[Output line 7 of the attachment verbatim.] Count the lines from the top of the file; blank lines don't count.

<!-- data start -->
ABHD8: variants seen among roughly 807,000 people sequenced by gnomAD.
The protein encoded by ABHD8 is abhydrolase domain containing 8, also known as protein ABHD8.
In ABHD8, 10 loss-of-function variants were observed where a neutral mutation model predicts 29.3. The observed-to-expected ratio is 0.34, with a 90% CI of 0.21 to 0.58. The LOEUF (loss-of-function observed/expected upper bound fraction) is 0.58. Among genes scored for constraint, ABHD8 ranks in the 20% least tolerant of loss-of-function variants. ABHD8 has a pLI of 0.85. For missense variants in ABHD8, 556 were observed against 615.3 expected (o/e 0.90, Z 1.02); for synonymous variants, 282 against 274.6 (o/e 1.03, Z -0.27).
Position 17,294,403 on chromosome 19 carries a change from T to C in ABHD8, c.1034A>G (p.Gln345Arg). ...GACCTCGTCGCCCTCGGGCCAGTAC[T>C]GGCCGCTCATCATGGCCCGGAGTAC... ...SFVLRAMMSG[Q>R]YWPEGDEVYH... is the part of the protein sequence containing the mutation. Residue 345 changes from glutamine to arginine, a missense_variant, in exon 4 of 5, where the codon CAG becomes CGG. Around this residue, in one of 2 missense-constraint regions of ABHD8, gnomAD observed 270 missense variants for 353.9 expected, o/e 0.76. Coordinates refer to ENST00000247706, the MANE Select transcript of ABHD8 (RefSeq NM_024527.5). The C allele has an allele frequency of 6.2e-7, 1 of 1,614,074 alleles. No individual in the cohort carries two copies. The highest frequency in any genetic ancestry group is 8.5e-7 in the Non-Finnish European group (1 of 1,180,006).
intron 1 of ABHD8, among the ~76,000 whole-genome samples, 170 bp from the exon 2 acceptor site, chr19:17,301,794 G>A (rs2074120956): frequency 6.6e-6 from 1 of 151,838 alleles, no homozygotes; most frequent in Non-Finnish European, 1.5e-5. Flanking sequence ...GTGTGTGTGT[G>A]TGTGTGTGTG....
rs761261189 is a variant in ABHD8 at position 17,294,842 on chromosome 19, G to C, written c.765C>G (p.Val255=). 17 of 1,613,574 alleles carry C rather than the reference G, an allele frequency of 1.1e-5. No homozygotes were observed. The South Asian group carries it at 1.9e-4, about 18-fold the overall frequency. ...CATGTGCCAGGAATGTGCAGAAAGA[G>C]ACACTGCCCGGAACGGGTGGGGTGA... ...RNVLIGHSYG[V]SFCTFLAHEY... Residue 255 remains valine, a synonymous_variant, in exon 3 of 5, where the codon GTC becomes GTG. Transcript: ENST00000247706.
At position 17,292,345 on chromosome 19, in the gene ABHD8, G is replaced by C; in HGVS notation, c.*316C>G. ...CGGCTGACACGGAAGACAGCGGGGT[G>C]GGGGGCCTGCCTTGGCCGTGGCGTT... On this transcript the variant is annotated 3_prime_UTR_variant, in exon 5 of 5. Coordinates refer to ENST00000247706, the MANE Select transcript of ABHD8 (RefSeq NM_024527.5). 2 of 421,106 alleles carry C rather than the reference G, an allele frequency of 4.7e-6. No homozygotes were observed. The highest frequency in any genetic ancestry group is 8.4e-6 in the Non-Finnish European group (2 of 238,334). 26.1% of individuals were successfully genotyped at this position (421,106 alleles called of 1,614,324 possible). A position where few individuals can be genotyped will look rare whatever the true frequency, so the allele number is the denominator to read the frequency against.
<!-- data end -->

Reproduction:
At position 17,292,345 on chromosome 19, in the gene ABHD8, G is replaced by C; in HGVS notation, c.*316C>G. ...CGGCTGACACGGAAGACAGCGGGGT[G>C]GGGGGCCTGCCTTGGCCGTGGCGTT... On this transcript the variant is annotated 3_prime_UTR_variant, in exon 5 of 5. Coordinates refer to ENST00000247706, the MANE Select transcript of ABHD8 (RefSeq NM_024527.5). 2 of 421,106 alleles carry C rather than the reference G, an allele frequency of 4.7e-6. No homozygotes were observed. The highest frequency in any genetic ancestry group is 8.4e-6 in the Non-Finnish European group (2 of 238,334). 26.1% of individuals were successfully genotyped at this position (421,106 alleles called of 1,614,324 possible). A position where few individuals can be genotyped will look rare whatever the true frequency, so the allele number is the denominator to read the frequency against.